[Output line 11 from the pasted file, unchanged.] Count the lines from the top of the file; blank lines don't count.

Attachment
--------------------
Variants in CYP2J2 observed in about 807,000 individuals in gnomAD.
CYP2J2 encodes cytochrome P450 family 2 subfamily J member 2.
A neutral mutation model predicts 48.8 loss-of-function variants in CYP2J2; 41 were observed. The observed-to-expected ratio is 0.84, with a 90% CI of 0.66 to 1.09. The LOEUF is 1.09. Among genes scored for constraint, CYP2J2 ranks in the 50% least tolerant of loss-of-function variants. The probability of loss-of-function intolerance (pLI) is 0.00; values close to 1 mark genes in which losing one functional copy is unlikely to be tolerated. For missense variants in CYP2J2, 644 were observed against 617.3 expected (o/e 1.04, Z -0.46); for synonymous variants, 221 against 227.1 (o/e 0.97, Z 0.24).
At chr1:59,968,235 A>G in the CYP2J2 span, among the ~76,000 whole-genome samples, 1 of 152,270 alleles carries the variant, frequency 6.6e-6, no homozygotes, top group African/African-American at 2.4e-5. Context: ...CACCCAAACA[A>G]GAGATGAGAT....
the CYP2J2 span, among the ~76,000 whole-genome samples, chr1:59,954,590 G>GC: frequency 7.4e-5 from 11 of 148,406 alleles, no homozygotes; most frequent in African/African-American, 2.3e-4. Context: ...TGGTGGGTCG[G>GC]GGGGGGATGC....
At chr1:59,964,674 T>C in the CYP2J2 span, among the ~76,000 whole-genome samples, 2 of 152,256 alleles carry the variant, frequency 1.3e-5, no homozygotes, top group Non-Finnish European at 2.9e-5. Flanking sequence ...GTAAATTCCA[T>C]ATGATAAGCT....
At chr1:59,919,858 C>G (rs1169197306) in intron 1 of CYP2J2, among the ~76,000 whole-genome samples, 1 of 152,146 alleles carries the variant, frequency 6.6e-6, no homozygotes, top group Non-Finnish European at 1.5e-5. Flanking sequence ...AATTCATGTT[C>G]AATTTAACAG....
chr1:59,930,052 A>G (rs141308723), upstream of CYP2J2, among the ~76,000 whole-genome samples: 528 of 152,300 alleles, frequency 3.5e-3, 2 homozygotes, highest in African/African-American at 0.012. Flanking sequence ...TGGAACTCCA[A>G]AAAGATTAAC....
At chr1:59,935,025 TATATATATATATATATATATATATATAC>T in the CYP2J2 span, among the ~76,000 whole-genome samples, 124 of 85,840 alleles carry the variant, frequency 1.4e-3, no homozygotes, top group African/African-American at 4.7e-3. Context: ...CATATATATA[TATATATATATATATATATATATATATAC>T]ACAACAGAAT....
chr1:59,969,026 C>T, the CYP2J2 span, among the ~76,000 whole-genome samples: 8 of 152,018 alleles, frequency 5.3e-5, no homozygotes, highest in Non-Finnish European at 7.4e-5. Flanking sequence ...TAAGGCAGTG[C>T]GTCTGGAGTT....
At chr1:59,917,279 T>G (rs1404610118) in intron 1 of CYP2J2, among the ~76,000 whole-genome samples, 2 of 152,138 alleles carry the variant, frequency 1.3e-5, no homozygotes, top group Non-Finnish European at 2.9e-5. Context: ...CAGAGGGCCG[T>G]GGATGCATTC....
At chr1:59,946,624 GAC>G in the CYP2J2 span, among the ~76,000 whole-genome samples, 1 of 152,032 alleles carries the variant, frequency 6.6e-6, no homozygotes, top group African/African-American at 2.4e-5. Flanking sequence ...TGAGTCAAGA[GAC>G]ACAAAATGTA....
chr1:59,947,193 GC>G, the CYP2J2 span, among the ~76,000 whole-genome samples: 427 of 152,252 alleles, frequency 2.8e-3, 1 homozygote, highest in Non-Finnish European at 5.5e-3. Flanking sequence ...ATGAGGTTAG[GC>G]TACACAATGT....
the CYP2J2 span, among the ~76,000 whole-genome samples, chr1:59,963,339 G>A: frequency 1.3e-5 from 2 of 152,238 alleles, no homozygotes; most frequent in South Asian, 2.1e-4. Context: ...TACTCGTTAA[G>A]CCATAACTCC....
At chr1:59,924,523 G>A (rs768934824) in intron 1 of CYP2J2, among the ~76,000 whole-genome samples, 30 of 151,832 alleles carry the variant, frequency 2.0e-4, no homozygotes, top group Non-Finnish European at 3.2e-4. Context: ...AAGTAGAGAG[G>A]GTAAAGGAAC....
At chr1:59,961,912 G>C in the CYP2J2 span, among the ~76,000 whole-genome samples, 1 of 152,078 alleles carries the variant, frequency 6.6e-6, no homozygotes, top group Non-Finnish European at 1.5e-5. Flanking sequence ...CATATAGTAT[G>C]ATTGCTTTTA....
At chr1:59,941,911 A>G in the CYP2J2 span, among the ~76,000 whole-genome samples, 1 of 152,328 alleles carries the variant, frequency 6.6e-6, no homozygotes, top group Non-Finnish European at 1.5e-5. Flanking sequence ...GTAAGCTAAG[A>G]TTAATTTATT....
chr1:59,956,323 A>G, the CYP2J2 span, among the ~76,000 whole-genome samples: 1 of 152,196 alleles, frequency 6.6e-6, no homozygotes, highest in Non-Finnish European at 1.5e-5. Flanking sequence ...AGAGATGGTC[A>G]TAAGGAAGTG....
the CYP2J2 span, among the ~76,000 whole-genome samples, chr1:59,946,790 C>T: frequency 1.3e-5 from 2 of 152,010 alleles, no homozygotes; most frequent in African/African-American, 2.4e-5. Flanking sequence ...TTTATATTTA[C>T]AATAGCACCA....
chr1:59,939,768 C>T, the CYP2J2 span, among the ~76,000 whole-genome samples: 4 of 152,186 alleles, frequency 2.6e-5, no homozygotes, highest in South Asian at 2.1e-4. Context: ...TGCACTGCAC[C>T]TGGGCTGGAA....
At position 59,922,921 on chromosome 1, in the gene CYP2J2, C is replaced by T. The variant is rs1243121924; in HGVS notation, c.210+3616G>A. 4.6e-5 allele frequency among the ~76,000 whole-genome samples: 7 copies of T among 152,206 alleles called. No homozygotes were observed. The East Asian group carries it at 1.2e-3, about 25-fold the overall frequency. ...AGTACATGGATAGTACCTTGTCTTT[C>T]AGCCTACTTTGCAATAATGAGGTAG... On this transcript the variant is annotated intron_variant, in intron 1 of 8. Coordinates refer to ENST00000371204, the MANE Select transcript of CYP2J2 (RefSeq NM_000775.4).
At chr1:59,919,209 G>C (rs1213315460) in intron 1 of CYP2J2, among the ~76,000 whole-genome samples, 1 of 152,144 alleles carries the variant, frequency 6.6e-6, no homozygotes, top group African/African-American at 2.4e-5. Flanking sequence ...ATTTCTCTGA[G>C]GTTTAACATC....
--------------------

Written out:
At chr1:59,917,279 T>G (rs1404610118) in intron 1 of CYP2J2, among the ~76,000 whole-genome samples, 2 of 152,138 alleles carry the variant, frequency 1.3e-5, no homozygotes, top group Non-Finnish European at 2.9e-5. Context: ...CAGAGGGCCG[T>G]GGATGCATTC....